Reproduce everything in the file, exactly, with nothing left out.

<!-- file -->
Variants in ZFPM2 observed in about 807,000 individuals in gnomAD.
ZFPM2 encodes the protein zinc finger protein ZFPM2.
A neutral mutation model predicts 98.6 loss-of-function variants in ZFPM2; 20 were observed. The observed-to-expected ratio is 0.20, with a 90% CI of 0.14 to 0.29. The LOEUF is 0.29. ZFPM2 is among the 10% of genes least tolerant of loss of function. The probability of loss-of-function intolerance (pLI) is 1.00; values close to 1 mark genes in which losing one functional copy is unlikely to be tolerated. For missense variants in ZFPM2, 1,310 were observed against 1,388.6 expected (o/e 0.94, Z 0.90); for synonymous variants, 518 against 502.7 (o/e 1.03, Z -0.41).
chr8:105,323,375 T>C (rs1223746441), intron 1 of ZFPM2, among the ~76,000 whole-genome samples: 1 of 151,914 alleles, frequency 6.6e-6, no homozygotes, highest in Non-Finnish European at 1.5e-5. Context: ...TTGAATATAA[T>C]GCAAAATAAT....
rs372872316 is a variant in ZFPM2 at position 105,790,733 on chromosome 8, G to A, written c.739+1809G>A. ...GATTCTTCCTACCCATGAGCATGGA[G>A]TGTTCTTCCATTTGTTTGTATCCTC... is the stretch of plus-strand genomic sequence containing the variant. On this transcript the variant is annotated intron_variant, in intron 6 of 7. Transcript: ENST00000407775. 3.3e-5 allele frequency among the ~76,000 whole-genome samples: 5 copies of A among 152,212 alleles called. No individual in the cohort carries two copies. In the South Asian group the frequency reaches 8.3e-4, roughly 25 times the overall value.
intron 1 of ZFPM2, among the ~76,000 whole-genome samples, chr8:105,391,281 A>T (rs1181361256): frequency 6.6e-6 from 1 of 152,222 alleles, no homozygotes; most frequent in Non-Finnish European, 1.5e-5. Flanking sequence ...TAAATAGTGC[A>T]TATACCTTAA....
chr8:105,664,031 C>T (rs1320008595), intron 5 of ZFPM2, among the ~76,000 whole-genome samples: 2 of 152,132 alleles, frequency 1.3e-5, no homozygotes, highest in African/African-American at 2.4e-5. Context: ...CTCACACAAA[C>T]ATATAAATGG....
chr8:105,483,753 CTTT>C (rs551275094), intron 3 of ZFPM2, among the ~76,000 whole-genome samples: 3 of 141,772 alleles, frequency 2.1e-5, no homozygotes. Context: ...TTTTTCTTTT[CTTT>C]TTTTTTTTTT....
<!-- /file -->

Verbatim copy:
Variants in ZFPM2 observed in about 807,000 individuals in gnomAD.
ZFPM2 encodes the protein zinc finger protein ZFPM2.
A neutral mutation model predicts 98.6 loss-of-function variants in ZFPM2; 20 were observed. The observed-to-expected ratio is 0.20, with a 90% CI of 0.14 to 0.29. The LOEUF is 0.29. ZFPM2 is among the 10% of genes least tolerant of loss of function. The probability of loss-of-function intolerance (pLI) is 1.00; values close to 1 mark genes in which losing one functional copy is unlikely to be tolerated. For missense variants in ZFPM2, 1,310 were observed against 1,388.6 expected (o/e 0.94, Z 0.90); for synonymous variants, 518 against 502.7 (o/e 1.03, Z -0.41).
chr8:105,323,375 T>C (rs1223746441), intron 1 of ZFPM2, among the ~76,000 whole-genome samples: 1 of 151,914 alleles, frequency 6.6e-6, no homozygotes, highest in Non-Finnish European at 1.5e-5. Context: ...TTGAATATAA[T>C]GCAAAATAAT....
rs372872316 is a variant in ZFPM2 at position 105,790,733 on chromosome 8, G to A, written c.739+1809G>A. ...GATTCTTCCTACCCATGAGCATGGA[G>A]TGTTCTTCCATTTGTTTGTATCCTC... is the stretch of plus-strand genomic sequence containing the variant. On this transcript the variant is annotated intron_variant, in intron 6 of 7. Transcript: ENST00000407775. 3.3e-5 allele frequency among the ~76,000 whole-genome samples: 5 copies of A among 152,212 alleles called. No individual in the cohort carries two copies. In the South Asian group the frequency reaches 8.3e-4, roughly 25 times the overall value.
intron 1 of ZFPM2, among the ~76,000 whole-genome samples, chr8:105,391,281 A>T (rs1181361256): frequency 6.6e-6 from 1 of 152,222 alleles, no homozygotes; most frequent in Non-Finnish European, 1.5e-5. Flanking sequence ...TAAATAGTGC[A>T]TATACCTTAA....
chr8:105,664,031 C>T (rs1320008595), intron 5 of ZFPM2, among the ~76,000 whole-genome samples: 2 of 152,132 alleles, frequency 1.3e-5, no homozygotes, highest in African/African-American at 2.4e-5. Context: ...CTCACACAAA[C>T]ATATAAATGG....
chr8:105,483,753 CTTT>C (rs551275094), intron 3 of ZFPM2, among the ~76,000 whole-genome samples: 3 of 141,772 alleles, frequency 2.1e-5, no homozygotes. Context: ...TTTTTCTTTT[CTTT>C]TTTTTTTTTT....